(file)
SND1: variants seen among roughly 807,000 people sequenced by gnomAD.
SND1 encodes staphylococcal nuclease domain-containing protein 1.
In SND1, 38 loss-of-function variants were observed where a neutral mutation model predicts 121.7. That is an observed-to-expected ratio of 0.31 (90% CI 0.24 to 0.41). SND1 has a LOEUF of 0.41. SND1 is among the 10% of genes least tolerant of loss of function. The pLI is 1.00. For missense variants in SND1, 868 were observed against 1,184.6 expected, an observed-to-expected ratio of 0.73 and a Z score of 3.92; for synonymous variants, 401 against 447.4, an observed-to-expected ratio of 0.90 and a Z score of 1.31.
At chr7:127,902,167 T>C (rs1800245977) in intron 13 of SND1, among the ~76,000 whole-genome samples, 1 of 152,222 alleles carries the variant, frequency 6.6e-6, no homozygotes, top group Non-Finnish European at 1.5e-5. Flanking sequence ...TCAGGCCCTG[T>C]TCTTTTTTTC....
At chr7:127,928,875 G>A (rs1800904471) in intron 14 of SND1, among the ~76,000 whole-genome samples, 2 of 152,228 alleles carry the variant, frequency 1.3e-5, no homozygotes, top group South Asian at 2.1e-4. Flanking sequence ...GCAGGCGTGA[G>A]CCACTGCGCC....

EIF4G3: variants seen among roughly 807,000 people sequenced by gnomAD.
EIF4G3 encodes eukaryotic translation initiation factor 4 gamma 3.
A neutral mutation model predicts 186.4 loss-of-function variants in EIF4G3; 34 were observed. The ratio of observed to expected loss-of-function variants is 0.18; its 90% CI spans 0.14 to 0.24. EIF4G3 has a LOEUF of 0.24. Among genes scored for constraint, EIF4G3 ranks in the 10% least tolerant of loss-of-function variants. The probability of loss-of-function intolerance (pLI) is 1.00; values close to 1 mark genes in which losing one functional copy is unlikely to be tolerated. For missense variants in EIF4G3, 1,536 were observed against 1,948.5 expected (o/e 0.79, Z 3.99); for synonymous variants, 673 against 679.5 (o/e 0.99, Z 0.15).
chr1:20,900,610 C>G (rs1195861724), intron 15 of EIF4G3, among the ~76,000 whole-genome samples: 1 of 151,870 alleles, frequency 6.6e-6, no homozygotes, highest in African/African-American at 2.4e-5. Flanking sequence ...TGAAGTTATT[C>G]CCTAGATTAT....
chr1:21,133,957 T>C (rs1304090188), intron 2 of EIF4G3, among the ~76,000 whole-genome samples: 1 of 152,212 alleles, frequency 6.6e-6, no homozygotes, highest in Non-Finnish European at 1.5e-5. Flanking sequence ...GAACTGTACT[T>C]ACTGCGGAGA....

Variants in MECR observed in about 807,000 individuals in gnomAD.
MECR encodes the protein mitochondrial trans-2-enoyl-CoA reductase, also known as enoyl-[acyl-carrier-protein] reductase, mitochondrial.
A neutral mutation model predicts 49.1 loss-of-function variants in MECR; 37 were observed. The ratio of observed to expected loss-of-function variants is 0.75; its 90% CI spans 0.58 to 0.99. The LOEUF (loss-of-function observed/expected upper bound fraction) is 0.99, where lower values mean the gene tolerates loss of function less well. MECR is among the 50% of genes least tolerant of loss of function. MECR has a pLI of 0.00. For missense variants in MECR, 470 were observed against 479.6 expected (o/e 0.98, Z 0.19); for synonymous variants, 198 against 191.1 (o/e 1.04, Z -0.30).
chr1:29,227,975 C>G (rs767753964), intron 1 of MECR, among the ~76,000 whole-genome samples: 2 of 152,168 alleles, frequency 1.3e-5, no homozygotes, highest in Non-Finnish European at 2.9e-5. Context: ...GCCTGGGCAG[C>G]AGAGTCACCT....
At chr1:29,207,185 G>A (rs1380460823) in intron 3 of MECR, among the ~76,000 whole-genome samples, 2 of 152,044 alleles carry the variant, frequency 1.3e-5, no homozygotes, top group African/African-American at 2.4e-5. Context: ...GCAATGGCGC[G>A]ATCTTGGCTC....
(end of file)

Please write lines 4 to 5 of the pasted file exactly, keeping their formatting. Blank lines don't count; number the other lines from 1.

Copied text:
At chr7:127,902,167 T>C (rs1800245977) in intron 13 of SND1, among the ~76,000 whole-genome samples, 1 of 152,222 alleles carries the variant, frequency 6.6e-6, no homozygotes, top group Non-Finnish European at 1.5e-5. Flanking sequence ...TCAGGCCCTG[T>C]TCTTTTTTTC....
At chr7:127,928,875 G>A (rs1800904471) in intron 14 of SND1, among the ~76,000 whole-genome samples, 2 of 152,228 alleles carry the variant, frequency 1.3e-5, no homozygotes, top group South Asian at 2.1e-4. Flanking sequence ...GCAGGCGTGA[G>A]CCACTGCGCC....